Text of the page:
The Doctor’s Dream: SoCal physician’s love of motorcycles began at age 3

From the outside, there’s nothing to tip you off that this suburban home houses a terrific collection of high performance motorcycles.

Dr. Philip Shore was all of 3 years old when he had a life-changing experience. Sitting in the back of his father’s car, while paused at a traffic light on the way back from a ball game he was struck by the rhythmic pounding of a big Vee-Twin motorcycle in the next lane. The large rider was glistening in the heat, but to young Philip, he looked rapturous on his powerful machine with his girlfriend holding on tightly behind.

(In His Own Words: Click here for Phil Shore’s account of how and why he chooses the motorcycles for his collection.)

School, college, grad school and finally medical school didn’t dilute that first impression and his garage is graphic proof. The Southern California physician has a passion for motorcycles that is apparent the minute the doors of his three-car garage silently open. Two bays are packed solid with no fewer than 18 motorcycles ranging from a pristine Honda Dream on its original tires to a variety of modern superbikes. Another three machines are in a pre-fab wooden shed, with his final — and 24th — machine stashed in another recess of his large suburban home. Only one of his three cars is stored inside.

Phil Shore doesn’t limit his collecting to high performance bikes. He looks far and wide for the advertising materials used to market his bikes. Photos and posters cover the walls and he has half a dozen helmets hanging. Inside the house, he has cases of miniature cars and motorcycles as well as blown-up posters and framed motorsport photos.

If the definition of a true collector is one whose collection far exceeds the available storage space, he certainly fills the requirement. Overlooking a beautiful tennis court he describes plans to replace it and build a guest house with extensive garage capacity. Considering Dr. Shore’s focus and love for powerful two-wheelers, there’s little doubt that soon he’ll have far more storage space that he’ll quickly overfill.

There are two over-riding themes to Shore’s collection. The first is that it is dominated by very high performance bikes from the 1960s into the 1980s, with outliers both early and late. The second theme is that the vast majority of the bikes are in original paint. Those few that have been refinished are very nice bikes that have simply been repainted to the highest standards.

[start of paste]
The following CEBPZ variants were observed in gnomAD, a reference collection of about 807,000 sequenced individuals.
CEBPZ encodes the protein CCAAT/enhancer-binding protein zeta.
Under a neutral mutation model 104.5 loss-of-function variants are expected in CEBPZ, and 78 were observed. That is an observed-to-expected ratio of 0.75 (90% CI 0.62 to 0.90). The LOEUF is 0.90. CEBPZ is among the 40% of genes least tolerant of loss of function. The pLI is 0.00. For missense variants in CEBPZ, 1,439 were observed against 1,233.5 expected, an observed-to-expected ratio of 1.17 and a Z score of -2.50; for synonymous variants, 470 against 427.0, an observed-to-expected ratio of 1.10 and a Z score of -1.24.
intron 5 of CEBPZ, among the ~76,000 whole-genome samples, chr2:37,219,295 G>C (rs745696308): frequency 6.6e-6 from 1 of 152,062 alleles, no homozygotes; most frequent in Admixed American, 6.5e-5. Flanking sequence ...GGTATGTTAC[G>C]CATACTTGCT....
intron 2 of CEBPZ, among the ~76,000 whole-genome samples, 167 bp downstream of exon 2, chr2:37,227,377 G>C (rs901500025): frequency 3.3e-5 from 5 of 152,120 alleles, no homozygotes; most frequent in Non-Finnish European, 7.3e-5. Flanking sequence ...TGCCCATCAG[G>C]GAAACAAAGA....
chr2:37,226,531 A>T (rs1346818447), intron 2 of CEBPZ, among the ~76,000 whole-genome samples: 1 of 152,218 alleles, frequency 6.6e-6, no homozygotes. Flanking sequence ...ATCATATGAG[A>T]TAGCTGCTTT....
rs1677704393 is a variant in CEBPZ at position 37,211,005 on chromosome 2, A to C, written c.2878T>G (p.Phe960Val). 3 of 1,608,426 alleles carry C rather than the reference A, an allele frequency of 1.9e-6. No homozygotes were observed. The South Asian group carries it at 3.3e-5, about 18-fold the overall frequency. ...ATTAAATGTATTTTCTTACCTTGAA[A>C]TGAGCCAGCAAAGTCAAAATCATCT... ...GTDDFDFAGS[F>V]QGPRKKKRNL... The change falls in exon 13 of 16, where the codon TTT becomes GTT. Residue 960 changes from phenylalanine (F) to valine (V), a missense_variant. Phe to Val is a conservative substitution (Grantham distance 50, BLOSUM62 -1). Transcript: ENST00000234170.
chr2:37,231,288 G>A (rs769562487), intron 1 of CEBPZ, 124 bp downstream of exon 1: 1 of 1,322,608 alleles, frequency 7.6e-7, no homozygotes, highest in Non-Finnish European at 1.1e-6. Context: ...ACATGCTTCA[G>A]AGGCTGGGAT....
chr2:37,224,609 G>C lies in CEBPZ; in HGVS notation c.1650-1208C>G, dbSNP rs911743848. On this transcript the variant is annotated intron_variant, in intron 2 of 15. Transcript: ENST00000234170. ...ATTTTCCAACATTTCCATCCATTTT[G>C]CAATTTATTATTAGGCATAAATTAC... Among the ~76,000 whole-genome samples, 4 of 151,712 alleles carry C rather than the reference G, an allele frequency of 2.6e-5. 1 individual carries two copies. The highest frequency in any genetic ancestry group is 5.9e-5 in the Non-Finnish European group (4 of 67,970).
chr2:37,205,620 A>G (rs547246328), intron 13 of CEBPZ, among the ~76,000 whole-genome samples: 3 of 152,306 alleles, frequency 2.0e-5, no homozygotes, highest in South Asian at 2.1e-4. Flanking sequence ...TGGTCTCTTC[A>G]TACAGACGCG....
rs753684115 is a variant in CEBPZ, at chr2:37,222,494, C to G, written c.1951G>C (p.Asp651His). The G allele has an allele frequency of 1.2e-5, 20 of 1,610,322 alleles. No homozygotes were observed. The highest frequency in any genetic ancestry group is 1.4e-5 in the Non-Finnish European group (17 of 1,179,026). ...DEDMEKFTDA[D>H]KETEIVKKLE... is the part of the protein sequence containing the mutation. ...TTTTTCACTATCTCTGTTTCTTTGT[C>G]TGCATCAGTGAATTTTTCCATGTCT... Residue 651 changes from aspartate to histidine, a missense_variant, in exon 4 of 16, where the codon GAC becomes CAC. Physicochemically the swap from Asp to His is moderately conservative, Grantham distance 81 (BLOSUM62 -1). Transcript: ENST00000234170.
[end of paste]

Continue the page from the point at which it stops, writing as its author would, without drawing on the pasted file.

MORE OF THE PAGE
If there’s a jewel in the collection it’s the 1977 Ducati 900SS, which looks marvelous and sounds even better. Some bikes, like the 1980 Suzuki GS 1000 S Wes Cooley Replica, took him years to find. With the bulk of the machines built between 1969 and 1980, it’s clear that the bikes from his youth through his graduate school days hit him the hardest.

Most of the bikes are dead stock, like the gorgeous Triumph Bonneville and the brutal H1 and H2 Kawasakis, but the Norton Commando has been tastefully modified with an interstate tank, longer tail piece and lightweight rims.

With the exception of the near perfect Honda Dream, which rides on 50-year-old tires, every single bike in the collection is ready to ride at a moment’s notice. The only challenges are getting some of them out of the packed garage bays and deciding which to ride.

The Shore Collection

  1. 1954 Harley-Davidson FLH*
  2. 1968 Honda 305 CA77 Dream**
  3. 1969 Triumph Bonneville
  4. 1969 BSA Rocket Three
  5. 1970 Honda CB 750 K0
  6. 1971 Kawasaki Mach 3 500
  7. 1971 Harley-Davidson FX Superglide
  8. 1971 Yamaha XS 1B 650
  9. 1971 Honda SL 350 
  10. 1972 Kawasaki Mach 4 750
  11. 1973 Moto Guzzi V7 Sport 750
  12. 1974 Kawasaki Z1 900
  13. 1975 Norton Commando
  14. 1976 BMW R 90 S
  15. 1977 Ducati 900 SS
  16. 1978 Harley-Davidson XLCR 1000
  17. 1979 Honda CBX Six Cylinder 1000
  18. 1980 Suzuki GS 1000 S Wes Cooley Replica
  19. 1994 Harley-Davidson Road King***
  20. 1997 Honda XR 400 dirtbike****
  21. 2000 Buell X1 Millennium Edition*****
  22. 2004 Honda CRF250X******

*Dr. Shore: “1954 was my birth year, and this bike was the “King of The Road.” Its entire style is what was duplicated for the highly successful Harley-Davidson soft tail line.”

**Dr. Shore: “I borrowed one of these ‘big’ motorcycles for my first real date and it still brings back memories.”

***Dr. Shore: “This blue Road King is as close as a modern bike can get to that first Harley-Davidson motorcycle that I saw when I was just a youngster. It has been a trusty touring bike for me for nearly 20 years.”

****Dr. Shore: “I did a lot of trail riding and even a few motocross races in high school and college. This was my first entry back into that world, allowing me to take advantage of the many amazing California off-road areas.”

*****Dr. Shore: “Not many modern sports bikes have turned me on like this one — it’s basically a reincarnation of the iconic Harley-Davidson XR 750s that dominated flat track racing for so many years in the ’70s and ’80s. I bought one of the first ones on the market and took it up to Laguna Seca Raceway. Eric Buell was there promoting his bike line. They didn’t have a silver version of the bike there at the time, and he asked me to display mine in their display area. After a thorough discussion of mass centralization, he was kind enough to sign his name on the gas tank.”

******Dr. Shore: “I bought this bike due to its amazing suspension and extremely light weight, allowing me to tackle the most technical of trails.”

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Read next Up next: Ful-Phil-ED: Avid collector Phil Shore explains how and why he picks his motorcycles


    Love motor cycles wy fist one was a 1950 harley suicide shift dated my wife on it . Druell every time see your green harley in back ground . Born to ride!

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